Live Forex Trade 1

This live trade example is going to be used in demonstrating how a typical forex trade can be taken in the market after performing some trade analysis.

The trade example is from an account which has a deposit of $5000 into a forex trading account, and the trade was placed with a lot size of 0.1 lots, equivalent to $10,000 trade size. The account is set to a leverage of 200:1 Leverage. This translates to the trader being required to maintain at least $25 in Margin (= $5,000 x 0.5%).

Trade Analysis

Take a look at the snapshot below:

live forex trade 1

Here we can see that there is a clearly defined resistance which has prevented the price action from breaking above a particular price level. There is a confirmation that has been obtained from the Stochastics oscillator, in which the lines have crossed at an overbought level. The trader therefore expects that the asset being traded is going to head downwards.

The trader then decides to place a trade as follows:

  • Order Type: Market Sell
  • Lot Size: 0.1
  • Entry Price: 5814.5 (resistance point)
  • Take Profit: 5465.0 (support at lower Bollinger band)

The rationale for entry and exit points as depicted in our earlier articles on how to set entry and exit points are as follows:

a)    For the entry level, we have already identified that the best short trade entries are made as close to the resistance as possible. In this example, there was a bullish candle which actually broke above the resistance line, but could not break below it. the decision was made to allow the candle to close so as to know if it would close above the resistance or below it. The candle eventually closed below the resistance, confirming that the breakout did not happen. If it had closed above the resistance, then it would have been a different ball game entirely.

b)    The entry confirmation was provided by the Stochastics oscillator, which crossed at 85, well into overbought territory.

c)     For the exit, the nearest support level should be the lower Bollinger band, which is the area where the candlesticks seem to bounce off from. However, because there is an intervening middle Bollinger band, the middle band should be the first target for the short trade and the lower Bollinger band used as the 2nd target.

The trade was executed and the midpoint of the trade is seen in this snapshot below:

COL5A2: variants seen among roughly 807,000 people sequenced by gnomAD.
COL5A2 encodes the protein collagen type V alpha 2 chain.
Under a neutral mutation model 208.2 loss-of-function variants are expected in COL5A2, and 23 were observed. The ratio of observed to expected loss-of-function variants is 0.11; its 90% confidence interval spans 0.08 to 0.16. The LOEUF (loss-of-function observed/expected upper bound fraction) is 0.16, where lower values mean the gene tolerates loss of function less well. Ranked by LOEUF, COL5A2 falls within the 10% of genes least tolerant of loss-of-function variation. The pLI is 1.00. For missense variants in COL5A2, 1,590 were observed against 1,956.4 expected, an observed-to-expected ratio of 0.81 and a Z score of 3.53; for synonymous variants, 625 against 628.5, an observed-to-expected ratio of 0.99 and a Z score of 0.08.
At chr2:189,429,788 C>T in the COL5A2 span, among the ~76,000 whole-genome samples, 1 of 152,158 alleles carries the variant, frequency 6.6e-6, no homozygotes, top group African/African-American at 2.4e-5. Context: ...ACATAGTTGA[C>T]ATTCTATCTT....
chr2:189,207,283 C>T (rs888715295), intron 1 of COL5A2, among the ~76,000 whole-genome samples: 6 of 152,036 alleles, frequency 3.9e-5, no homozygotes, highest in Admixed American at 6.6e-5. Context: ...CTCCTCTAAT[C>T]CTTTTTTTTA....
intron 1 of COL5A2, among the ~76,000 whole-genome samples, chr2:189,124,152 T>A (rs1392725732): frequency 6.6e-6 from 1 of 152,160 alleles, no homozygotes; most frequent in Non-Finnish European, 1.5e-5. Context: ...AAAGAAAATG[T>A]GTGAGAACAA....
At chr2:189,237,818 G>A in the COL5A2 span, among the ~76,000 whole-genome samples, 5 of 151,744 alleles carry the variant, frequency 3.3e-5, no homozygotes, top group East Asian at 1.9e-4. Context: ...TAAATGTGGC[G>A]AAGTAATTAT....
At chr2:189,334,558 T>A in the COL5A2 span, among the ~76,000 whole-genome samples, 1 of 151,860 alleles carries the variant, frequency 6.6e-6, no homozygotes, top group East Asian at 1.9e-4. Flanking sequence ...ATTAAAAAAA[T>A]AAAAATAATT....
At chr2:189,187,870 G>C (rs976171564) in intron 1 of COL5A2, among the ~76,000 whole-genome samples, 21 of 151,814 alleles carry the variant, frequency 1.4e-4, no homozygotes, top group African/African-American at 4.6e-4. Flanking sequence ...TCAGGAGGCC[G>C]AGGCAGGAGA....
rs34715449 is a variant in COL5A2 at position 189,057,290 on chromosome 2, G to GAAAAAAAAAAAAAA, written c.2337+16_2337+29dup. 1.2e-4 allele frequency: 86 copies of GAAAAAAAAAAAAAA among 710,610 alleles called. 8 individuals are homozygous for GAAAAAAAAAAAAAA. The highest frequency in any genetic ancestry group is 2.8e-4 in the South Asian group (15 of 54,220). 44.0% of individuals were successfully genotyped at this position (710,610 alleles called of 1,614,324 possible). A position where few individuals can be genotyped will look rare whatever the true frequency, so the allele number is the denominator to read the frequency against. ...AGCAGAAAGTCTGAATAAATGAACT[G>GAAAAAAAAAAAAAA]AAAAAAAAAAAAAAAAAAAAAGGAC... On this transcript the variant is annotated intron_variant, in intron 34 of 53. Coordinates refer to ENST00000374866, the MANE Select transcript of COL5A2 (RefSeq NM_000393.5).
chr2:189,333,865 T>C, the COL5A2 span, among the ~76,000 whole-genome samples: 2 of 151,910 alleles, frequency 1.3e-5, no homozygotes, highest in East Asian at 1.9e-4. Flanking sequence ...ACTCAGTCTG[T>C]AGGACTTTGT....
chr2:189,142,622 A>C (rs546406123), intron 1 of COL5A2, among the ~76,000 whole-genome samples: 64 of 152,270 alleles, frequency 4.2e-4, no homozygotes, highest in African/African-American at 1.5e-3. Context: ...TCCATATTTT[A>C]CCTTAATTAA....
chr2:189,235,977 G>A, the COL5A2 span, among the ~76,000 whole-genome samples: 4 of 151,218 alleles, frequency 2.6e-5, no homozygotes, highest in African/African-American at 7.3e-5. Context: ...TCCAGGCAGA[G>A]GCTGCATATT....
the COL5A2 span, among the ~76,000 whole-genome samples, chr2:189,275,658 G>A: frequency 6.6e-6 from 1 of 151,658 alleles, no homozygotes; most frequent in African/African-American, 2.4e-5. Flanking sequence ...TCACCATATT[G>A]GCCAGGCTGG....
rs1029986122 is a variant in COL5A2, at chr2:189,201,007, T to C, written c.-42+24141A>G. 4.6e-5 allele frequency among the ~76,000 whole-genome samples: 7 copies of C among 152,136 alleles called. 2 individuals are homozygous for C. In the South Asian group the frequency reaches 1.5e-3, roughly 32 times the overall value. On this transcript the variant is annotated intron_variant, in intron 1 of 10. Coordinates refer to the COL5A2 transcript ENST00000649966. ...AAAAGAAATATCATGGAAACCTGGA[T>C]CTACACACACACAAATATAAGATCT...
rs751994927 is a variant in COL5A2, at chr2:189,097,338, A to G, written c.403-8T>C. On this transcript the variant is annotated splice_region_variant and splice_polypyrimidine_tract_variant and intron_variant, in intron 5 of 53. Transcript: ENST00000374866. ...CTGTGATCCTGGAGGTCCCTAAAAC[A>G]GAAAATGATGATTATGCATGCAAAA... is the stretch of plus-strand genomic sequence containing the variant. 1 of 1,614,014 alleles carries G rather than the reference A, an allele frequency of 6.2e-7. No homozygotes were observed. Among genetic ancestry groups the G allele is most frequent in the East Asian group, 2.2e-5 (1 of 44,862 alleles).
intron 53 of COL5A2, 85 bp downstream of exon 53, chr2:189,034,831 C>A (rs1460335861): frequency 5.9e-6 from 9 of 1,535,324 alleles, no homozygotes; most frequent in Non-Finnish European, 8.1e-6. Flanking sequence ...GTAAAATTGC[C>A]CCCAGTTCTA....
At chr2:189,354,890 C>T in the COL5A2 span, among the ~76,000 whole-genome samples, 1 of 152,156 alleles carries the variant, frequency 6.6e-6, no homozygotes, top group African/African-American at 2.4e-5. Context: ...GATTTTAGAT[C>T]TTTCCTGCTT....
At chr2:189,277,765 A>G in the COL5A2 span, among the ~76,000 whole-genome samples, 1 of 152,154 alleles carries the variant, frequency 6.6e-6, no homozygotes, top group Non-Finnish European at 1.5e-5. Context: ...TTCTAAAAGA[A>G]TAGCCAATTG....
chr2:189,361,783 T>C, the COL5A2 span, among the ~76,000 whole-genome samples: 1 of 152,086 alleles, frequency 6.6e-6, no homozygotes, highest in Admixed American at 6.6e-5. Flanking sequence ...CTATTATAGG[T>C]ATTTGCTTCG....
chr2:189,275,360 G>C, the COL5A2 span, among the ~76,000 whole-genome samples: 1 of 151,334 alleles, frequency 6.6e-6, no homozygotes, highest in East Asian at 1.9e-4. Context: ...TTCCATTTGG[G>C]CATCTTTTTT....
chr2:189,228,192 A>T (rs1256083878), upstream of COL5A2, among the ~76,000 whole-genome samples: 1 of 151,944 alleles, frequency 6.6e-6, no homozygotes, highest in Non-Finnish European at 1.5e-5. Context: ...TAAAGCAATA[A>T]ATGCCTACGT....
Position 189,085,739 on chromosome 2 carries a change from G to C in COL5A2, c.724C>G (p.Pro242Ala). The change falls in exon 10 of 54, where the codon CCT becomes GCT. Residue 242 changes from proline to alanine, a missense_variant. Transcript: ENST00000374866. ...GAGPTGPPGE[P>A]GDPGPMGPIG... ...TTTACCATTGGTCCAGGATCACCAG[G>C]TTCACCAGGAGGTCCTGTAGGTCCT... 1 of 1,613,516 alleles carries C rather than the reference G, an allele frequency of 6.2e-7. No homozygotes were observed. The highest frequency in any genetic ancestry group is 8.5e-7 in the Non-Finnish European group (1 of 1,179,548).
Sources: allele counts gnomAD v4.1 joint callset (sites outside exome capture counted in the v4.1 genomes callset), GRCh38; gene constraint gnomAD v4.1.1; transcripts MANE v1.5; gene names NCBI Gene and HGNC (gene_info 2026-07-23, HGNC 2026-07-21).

live forex trade 2

The trade went into positive territory pretty quickly and eventually ended in profit.

Key Points

The following are the key points that traders must note for setting successful trades.

a)    The first step is to always scour the markets for trading opportunities. If you see price action close to a resistance, it represents an opportunity to sell. If price is at a support, then this is an opportunity to buy. However, the trader must watch to see if there will be a break of the key level, which will negate the signal when it occurs. If not, then a confirmation to sell off the resistance or buy on the support must be sought.

b)    Once a trade opportunity has been defined, the trader must use the appropriate lot size, and set the correct entry and exit points for the trade.

c)     When the trade is active, it must be actively tracked. In the example shown above, the trade ran out of steam once it attained the middle Bollinger band, so only the first profit target could be realized. Tracking therefore serves to ensure that any profits made are protected and if profit targets are not achievable, then an appropriate exit strategy must be sought.

Once profits are made, the process is repeated. If losses are sustained, then the trader must review the trade to seek out reasons why the trade failed. Once a reason for failure has been discovered, then another way not to trade the market would have been discovered; all to the trader’s advantage.

Adam

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Adam is an experienced financial trader who writes about Forex trading, binary options, technical analysis and more.

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